The fact is, "training" the customer on how to clean their own equipment does them a tremendous disservice. Why? Because the customer will never do it, but now that you've reassured them that they do know how to do it and always have the option of doing it when and if they get around to it, it will never get done. You can prove this to yourself by looking over your own equipment!
Of course, even if they do try and maintain their own equipment, there is the very serious risk of customers damaging the equipment or injuring themselves. Regardless, the consequences of both are expensive.
Make it a point to clean every piece of equipment you touch, both on the inside and the outside, and you'll see an increase in your average dollars per service call, fewer callbacks, more service agreements sold, and more satisfied customers.
Your boss will be happier too, because you'll be generating more profits for the company.
What about the impatient customers you feel you're losing while you're out there cleaning equipment? Well, what about the customers (and profits) you're losing through callbacks? What about the revenues (and profits) you're missing by not cleaning the equipment (and charging for it?) An additional thought is, what about the customer's inconvenience of having to wait around for you to come back out again when they're already waited once?
Some techs insist they don't have the time, that they're too rushed to clean equipment. Let's talk about whether or not you've got the time. I was working with a guy recently who jokingly said, "Let's hurry up and get this done so we'll have the time to do it again right later."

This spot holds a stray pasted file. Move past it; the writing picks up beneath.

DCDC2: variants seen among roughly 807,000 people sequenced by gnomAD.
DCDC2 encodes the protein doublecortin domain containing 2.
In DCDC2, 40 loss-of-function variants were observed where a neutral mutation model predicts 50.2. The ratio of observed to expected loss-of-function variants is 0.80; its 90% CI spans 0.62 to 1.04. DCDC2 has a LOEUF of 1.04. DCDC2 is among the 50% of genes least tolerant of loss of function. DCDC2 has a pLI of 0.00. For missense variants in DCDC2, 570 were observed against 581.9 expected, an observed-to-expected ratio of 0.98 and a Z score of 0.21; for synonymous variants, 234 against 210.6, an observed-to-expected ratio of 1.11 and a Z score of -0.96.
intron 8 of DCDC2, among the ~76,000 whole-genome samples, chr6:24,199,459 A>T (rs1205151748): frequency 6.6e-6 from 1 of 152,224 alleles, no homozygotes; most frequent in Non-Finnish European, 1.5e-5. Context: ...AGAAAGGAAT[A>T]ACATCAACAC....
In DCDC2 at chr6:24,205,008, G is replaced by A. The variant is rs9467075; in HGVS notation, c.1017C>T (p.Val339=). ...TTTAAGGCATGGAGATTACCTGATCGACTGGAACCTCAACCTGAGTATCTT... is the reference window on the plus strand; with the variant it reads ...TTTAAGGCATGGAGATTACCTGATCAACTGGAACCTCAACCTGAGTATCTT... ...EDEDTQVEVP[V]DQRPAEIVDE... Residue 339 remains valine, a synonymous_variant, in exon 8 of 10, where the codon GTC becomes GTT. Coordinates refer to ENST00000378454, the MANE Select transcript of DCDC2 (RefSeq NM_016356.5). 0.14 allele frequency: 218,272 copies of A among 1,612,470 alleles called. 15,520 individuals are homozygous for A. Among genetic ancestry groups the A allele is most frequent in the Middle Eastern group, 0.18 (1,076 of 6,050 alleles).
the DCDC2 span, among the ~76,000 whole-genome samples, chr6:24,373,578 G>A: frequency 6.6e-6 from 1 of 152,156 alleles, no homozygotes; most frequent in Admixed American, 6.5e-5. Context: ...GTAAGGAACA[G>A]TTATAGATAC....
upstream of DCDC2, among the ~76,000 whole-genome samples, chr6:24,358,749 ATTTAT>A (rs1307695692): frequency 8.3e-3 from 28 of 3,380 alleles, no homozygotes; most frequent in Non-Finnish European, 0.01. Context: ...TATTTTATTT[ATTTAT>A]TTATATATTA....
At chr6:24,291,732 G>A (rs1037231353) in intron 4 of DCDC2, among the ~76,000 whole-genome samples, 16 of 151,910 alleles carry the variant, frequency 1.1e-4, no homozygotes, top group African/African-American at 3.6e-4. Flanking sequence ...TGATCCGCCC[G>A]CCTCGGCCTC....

On the average, during the busy season, how much of your day is taken up with callbacks? If you're like most techs, whether you're causing them or not, you're probably running more than one callback per day. I'm speaking from experience here. I'm not the most technically proficient tech out there, but since I do a routine p.m. on nearly every call, I have almost zero callbacks.
More and more techs are beginning to realize that if you don't do the p.m. while you're there, you're going to come back to do it later, possibly even for free. You save time, even during the busiest season, by doing it while you're there.
So what am I saying, turn business away to clean equipment? That's a good question, but I don't feel it's valid. Here's a more valid question: if I'm running a call, and I'm doing work I'm being paid to do and I'm getting along with the customer, why on Earth would I want to leave to drive clear across town to start all over again with someone else who might not even be there or doesn't pay? Ever heard of the old saying, "A bird in the hand is worth two in the bush?"
Now that I've said all that, I will say that there is one situation in which it's okay to tell your customers you'll do enough to get it running today and that it will be cleaned in a day or two. That would be in the rare combination of circumstances where there is a temperature extreme and you're loaded with billable calls, and your company has an experienced precision tune-up specialist who does nothing but go around cleaning equipment and is able to come out and do the maintenance within a day or two.
In that case and in that case only, I have found customers have not had a problem with buying the agreement from me while I was there, so they could get the discount on that day's repair work, and having another tech who specializes in cleaning come out and do that work in a day or so.